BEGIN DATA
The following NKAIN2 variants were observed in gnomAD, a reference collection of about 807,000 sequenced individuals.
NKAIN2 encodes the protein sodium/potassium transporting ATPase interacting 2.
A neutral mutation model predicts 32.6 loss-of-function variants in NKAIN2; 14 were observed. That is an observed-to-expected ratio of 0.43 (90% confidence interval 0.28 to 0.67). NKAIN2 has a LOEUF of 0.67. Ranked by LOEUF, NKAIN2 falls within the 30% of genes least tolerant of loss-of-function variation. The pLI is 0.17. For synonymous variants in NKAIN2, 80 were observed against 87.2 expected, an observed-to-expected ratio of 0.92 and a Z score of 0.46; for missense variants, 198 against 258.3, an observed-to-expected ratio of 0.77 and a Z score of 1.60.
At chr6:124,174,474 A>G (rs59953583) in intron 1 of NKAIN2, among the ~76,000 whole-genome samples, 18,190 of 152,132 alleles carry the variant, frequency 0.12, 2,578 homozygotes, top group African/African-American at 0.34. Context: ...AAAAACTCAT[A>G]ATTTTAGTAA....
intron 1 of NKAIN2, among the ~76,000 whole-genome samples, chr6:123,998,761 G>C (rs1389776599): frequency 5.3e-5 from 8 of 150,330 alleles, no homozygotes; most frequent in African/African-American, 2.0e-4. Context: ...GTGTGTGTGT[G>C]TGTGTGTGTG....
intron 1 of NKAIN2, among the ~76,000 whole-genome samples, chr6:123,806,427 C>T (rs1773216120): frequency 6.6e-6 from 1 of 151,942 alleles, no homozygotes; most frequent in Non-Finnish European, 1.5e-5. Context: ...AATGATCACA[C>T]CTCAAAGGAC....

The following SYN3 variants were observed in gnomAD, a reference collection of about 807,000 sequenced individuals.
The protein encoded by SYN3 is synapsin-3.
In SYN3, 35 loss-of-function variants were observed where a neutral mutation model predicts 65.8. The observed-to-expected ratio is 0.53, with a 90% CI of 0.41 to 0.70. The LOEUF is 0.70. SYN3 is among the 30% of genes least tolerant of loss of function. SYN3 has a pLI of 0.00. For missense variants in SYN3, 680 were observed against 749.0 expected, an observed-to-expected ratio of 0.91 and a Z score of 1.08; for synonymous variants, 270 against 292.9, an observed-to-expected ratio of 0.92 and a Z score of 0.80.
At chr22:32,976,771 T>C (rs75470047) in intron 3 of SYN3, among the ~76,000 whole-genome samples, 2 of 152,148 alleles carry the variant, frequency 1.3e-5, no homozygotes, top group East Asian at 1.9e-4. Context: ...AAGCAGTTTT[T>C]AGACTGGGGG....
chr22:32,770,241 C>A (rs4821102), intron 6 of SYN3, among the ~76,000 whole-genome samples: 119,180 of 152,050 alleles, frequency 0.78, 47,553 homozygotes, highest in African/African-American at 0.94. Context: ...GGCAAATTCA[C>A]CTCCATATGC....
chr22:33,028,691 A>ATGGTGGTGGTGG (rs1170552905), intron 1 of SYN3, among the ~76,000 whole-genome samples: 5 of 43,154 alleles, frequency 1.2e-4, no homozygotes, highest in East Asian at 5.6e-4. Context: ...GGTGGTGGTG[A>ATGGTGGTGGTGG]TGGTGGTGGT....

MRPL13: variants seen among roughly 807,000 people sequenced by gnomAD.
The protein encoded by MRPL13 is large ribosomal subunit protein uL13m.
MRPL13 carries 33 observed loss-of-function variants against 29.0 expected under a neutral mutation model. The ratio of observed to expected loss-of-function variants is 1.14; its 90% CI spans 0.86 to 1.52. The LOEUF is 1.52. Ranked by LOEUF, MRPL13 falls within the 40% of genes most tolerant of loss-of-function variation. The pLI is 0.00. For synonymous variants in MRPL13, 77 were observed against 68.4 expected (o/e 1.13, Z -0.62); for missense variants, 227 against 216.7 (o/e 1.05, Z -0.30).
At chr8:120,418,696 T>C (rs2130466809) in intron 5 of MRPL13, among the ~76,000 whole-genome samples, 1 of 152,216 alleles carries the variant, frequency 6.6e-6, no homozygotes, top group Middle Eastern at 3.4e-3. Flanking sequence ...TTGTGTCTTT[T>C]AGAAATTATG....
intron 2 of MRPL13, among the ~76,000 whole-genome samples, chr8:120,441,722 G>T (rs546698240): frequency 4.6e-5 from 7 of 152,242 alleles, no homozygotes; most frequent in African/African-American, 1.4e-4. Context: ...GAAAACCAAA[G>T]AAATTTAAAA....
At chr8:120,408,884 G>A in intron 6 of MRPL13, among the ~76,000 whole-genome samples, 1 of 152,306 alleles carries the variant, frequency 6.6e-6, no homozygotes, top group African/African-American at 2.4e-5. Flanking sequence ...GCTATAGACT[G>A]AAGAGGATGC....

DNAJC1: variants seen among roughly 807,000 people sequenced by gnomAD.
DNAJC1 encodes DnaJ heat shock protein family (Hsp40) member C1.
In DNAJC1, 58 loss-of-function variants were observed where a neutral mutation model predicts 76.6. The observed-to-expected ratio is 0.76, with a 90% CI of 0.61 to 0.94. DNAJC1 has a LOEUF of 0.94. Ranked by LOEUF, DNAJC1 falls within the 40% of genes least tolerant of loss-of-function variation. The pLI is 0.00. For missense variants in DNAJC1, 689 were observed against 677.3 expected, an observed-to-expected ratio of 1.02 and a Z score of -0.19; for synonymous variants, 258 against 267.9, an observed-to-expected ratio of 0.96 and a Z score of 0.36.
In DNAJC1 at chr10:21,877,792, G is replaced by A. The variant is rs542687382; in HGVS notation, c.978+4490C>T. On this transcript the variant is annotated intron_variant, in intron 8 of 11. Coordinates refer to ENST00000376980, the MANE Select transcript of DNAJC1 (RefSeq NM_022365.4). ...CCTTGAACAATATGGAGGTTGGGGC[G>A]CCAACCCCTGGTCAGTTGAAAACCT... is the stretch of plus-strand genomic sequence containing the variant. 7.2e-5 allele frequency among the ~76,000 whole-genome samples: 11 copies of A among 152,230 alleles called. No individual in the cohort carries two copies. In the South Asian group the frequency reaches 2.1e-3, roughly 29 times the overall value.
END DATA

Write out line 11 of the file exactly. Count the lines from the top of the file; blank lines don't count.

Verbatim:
chr22:32,770,241 C>A (rs4821102), intron 6 of SYN3, among the ~76,000 whole-genome samples: 119,180 of 152,050 alleles, frequency 0.78, 47,553 homozygotes, highest in African/African-American at 0.94. Context: ...GGCAAATTCA[C>A]CTCCATATGC....